What kind of injected insulin is used for diabetes?

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Dr. Darria Long Gillespie, MD
Emergency Medicine
Rapid-acting forms of insulin include lispro (Humalog), aspart (Novolog), and glulisine (Apidra). They start working in about 15 minutes. These drugs reach their peak effect in about an hour, and the effects last for 2 to 4 hours.

Short-acting or regular insulin (Humulin R, Novolin R) starts working in about 30 to 60 minutes. It reaches peak effect in about 2 to 3 hours, and its effects last about 3 to 6 hours. Intermediate-acting or NPH insulin (Humulin N, Novolin N) starts working in 2 to 4 hours. It reaches peak effect in 8 to 16 hours, and the effects last for 12 to 18 hours.

Long-acting insulins include detemir (Levemir) and glargine (Lantus, Toujeo). They start working in several hours. They have no peak, and their effects last for about 24 hours.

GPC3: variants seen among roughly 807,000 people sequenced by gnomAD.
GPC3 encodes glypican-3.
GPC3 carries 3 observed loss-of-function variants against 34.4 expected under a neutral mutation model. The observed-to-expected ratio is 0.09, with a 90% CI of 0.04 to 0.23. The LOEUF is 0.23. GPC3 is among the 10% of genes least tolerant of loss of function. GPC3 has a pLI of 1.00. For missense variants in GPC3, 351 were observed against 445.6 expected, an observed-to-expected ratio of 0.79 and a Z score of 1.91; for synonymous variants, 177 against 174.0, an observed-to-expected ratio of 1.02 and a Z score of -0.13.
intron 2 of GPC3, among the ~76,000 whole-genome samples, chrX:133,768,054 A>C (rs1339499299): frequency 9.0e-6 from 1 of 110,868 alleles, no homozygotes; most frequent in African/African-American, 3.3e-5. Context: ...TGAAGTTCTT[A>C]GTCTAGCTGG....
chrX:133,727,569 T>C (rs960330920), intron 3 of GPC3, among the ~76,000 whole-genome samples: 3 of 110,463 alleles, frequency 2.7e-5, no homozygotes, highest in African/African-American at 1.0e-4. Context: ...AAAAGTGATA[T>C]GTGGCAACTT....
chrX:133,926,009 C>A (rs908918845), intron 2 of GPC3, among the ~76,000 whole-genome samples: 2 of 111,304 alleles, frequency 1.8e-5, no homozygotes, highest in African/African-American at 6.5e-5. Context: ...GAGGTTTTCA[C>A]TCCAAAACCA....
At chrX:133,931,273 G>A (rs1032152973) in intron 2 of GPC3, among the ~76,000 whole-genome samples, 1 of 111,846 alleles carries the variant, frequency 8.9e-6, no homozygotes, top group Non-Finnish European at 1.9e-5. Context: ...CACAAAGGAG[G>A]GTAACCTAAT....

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Diabetes

Diabetes mellitus (MEL-ih-tus), often referred to as diabetes, is characterized by high blood glucose (sugar) levels that result from the body’s inability to produce enough insulin and/or effectively utilize the insulin. Diabetes ...

is a serious, life-long condition and the sixth leading cause of death in the United States. Diabetes is a disorder of metabolism (the body's way of digesting food and converting it into energy). There are three forms of diabetes. Type 1 diabetes is an autoimmune disease that accounts for five- to 10-percent of all diagnosed cases of diabetes. Type 2 diabetes may account for 90- to 95-percent of all diagnosed cases. The third type of diabetes occurs in pregnancy and is referred to as gestational diabetes. Left untreated, gestational diabetes can cause health issues for pregnant women and their babies. People with diabetes can take preventive steps to control this disease and decrease the risk of further complications.
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